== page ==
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Sunday, May 2, 2004

Taiwan Strait status quo grows riskier

HONG KONG -- The Shanghai Communique, signed by U.S. President Richard Nixon and Chinese Premier Zhou Enlai in 1972, asserted: "The United States acknowledges that all Chinese on either side of the Taiwan Strait maintain there is but one China and that Taiwan is a part of China. The United States Government does not challenge that position."

It was on this basis that the U.S. and China normalized their relationship in 1979. Both Taiwan and the mainland agreed that there was only one China. The two governments were also similar in that both were essentially dictatorships.

Now, however, much has changed. The mainland has experienced spectacular economic growth, but the Communist Party continues to monopolize power. Taiwan, though, has become a democracy where human rights are safeguarded. What's more, Taiwan has repudiated the idea of "one China," the one element that the two sides had in common for half a century.

Washington, trying to maintain a modicum of order, keeps up appearances by saying it continues to practice a "one China" policy. However, there is a growing sense that the current situation cannot be maintained much longer.

Two influential academics, David Lampton, director of China studies at the Johns Hopkins School of Advanced and International Studies and the Nixon Center, and Kenneth Lieberthal of Michigan University, a former senior director for Asia at the National Security Council, recently coauthored an article in The Washington Post headlined "Heading Off the Next War."

"The framework that has buttressed peace in the Taiwan Strait for decades is disintegrating," they wrote. "Changes in Taiwan, as well as some of Beijing's counterproductive behavior, are undermining the foundations. Unless an improved framework is adopted soon, war across the strait will become increasingly probable, with the United States likely to be drawn into it."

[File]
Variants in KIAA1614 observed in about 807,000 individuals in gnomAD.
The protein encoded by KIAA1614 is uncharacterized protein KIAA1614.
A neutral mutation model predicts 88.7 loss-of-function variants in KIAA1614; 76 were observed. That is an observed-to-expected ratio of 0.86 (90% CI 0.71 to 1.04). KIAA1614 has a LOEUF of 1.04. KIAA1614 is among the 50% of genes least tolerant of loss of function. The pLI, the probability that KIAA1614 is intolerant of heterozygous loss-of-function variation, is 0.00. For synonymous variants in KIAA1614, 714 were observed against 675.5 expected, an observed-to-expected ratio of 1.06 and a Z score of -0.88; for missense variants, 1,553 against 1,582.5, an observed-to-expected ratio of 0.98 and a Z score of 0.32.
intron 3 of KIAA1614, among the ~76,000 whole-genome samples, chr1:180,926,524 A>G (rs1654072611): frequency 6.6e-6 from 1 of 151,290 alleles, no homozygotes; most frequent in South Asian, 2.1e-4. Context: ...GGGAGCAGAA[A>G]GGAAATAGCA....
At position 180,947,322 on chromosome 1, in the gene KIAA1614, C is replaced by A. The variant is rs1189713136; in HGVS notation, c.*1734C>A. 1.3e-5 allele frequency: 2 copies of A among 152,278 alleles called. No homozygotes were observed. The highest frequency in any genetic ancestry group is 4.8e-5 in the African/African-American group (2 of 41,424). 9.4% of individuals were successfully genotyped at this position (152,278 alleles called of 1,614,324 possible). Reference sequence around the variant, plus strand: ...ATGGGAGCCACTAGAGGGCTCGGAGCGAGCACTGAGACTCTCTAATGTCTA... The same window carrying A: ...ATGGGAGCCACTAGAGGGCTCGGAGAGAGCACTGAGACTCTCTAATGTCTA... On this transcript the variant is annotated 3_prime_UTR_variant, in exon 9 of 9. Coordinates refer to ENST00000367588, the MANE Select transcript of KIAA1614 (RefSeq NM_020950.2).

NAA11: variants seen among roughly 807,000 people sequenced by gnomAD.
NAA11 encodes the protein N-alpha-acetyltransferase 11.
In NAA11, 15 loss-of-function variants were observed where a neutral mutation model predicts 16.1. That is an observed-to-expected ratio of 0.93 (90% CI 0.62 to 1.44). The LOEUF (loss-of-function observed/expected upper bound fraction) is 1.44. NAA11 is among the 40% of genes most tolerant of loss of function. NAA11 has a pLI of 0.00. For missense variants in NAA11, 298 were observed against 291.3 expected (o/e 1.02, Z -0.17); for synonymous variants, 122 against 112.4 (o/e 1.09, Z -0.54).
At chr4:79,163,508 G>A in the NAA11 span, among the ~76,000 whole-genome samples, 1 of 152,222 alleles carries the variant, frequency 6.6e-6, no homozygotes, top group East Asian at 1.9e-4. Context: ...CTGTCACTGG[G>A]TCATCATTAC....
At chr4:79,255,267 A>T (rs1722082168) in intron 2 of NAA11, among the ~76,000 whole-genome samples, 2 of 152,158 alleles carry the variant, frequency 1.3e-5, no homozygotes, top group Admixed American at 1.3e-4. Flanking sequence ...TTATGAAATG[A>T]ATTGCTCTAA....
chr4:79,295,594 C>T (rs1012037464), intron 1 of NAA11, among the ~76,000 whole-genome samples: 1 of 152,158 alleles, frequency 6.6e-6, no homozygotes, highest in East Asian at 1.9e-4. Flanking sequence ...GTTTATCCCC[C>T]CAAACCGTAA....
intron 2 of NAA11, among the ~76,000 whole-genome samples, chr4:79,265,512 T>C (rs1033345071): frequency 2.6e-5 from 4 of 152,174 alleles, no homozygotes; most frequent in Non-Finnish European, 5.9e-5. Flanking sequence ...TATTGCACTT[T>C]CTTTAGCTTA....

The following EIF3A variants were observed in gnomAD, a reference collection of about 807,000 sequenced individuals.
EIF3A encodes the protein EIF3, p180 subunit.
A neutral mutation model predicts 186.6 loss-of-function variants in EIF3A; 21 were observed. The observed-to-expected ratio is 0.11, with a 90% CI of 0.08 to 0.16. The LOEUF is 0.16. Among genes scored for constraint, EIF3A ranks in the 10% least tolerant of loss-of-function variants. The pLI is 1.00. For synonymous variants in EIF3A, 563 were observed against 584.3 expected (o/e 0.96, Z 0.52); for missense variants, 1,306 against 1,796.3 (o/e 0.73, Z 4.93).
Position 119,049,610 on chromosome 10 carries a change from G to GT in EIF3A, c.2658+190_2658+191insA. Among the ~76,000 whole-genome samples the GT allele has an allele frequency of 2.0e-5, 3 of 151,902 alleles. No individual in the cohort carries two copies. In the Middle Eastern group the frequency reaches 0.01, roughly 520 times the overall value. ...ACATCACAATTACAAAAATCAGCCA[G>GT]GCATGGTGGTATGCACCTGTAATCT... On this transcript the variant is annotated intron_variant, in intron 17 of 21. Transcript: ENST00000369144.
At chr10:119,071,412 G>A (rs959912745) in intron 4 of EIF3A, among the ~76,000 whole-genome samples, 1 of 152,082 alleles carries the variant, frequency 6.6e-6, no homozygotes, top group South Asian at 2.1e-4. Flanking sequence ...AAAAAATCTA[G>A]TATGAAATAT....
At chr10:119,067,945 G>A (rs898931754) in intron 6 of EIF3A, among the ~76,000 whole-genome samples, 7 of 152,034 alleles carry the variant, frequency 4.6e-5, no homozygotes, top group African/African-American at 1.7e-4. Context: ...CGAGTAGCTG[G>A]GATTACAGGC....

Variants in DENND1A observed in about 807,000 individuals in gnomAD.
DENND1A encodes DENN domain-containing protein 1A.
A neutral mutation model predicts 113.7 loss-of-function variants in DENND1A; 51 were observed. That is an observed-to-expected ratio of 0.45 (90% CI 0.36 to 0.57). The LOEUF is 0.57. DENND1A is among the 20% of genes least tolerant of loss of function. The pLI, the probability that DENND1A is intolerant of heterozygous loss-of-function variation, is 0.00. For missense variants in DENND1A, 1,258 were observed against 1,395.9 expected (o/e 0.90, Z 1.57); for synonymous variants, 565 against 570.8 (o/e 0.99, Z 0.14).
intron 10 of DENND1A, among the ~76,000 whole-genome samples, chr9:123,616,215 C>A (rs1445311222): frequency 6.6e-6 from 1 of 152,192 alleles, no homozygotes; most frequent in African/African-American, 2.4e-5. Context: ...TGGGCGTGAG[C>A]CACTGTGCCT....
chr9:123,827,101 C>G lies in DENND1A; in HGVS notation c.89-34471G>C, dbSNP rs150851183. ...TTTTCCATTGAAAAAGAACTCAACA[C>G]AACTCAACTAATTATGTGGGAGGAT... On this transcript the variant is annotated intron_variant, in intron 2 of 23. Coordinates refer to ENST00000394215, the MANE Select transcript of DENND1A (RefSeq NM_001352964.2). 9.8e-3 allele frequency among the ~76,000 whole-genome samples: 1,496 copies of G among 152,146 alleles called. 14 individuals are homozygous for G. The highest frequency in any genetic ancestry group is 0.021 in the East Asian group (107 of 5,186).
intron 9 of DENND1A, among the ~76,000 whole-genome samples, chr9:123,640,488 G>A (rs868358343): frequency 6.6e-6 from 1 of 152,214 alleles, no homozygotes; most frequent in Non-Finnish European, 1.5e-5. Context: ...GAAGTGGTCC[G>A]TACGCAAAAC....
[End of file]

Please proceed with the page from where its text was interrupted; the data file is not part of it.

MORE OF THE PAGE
Certainly, all sides recognize the situation as one fraught with the potential for miscalculation. For a long time, Washington's policy was one of "strategic ambiguity," keeping both the mainland and Taiwan guessing as to whether it might intervene if war should break out.

While U.S. President George W. Bush appeared to give Taiwan a blank check with remarks he made in 2001 when he said he would do "whatever it took" to help Taiwan defend itself, he inserted ambiguity with his public castigation of Taiwan President Chen Shui-bian in December.

The U.S. is encouraging both sides to engage in a dialogue to lower tension. However, as long as Beijing insists on the precondition that Taiwan first accept the "one China" principle, no dialogue will be held. And in the absence of dialogue, it is difficult to bring about an improved framework.

Meanwhile, the U.S. warns Taiwan not to go too far with acts that Beijing finds provocative, such as holding a referendum and drafting a new constitution, while warning Beijing not to resort to the use of force. But there is a danger that somehow, sometime, one of the three parties might miscalculate.

The evolution of Taiwan into a democracy and the heightening of a Taiwanese sense of national identity are fundamental changes that cannot be swept under the carpet. Today, no government in Taiwan can cut a deal with Beijing without the consent of the electorate. Exactly how to handle a democratic Taiwan is something that Beijing -- and perhaps even Washington -- has not yet mastered.

Meanwhile, a rising China hopes to find a way of taking over Taiwan despite American objections, while an increasingly assertive Taiwan is frustrated at its continuing international ostracism. All the while, the U.S. tries to ensure that Beijing will be a friend rather than an enemy as it plays an increasingly important international role.

The Bush administration seeks to manage the Beijing relationship by emphasizing its "one China" policy. But even there, James Kelly, the assistant secretary of state for East Asia and the Pacific, acknowledged at a congressional hearing to mark the 25th anniversary of the Taiwan Relations Act that what the U.S. considers a "one China" policy is not what China considers a "one China" policy. In fact, he suggested, it was difficult to define just what the U.S. means by its policy.

In the meantime, China is frustrated that the U.S. offers increasingly sophisticated weaponry to Taiwan. The U.S. is frustrated that Taiwan has not allocated funds to purchase such arms. Taiwan, alone, seems confident that it has nothing to fear. In fact, so sure is Taiwan of American support that it has substantially reduced defense spending for well over a decade. In such a delicate situation, the smallest misunderstanding can lead to disastrous consequences.

Frank Ching is a Hong Kong-based journalist and commentator.

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